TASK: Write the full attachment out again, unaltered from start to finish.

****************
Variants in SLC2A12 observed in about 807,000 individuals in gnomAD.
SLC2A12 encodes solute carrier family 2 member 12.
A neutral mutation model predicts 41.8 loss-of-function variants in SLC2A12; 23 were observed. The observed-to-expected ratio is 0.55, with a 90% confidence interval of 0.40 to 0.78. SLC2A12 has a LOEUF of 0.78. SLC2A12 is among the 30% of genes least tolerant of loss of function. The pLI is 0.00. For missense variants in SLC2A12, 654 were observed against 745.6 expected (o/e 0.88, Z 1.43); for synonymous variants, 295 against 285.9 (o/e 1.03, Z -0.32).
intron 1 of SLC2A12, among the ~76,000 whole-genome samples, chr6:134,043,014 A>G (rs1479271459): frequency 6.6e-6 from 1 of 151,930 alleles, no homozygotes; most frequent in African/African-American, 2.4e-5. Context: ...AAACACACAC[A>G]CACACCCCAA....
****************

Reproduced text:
Variants in SLC2A12 observed in about 807,000 individuals in gnomAD.
SLC2A12 encodes solute carrier family 2 member 12.
A neutral mutation model predicts 41.8 loss-of-function variants in SLC2A12; 23 were observed. The observed-to-expected ratio is 0.55, with a 90% confidence interval of 0.40 to 0.78. SLC2A12 has a LOEUF of 0.78. SLC2A12 is among the 30% of genes least tolerant of loss of function. The pLI is 0.00. For missense variants in SLC2A12, 654 were observed against 745.6 expected (o/e 0.88, Z 1.43); for synonymous variants, 295 against 285.9 (o/e 1.03, Z -0.32).
intron 1 of SLC2A12, among the ~76,000 whole-genome samples, chr6:134,043,014 A>G (rs1479271459): frequency 6.6e-6 from 1 of 151,930 alleles, no homozygotes; most frequent in African/African-American, 2.4e-5. Context: ...AAACACACAC[A>G]CACACCCCAA....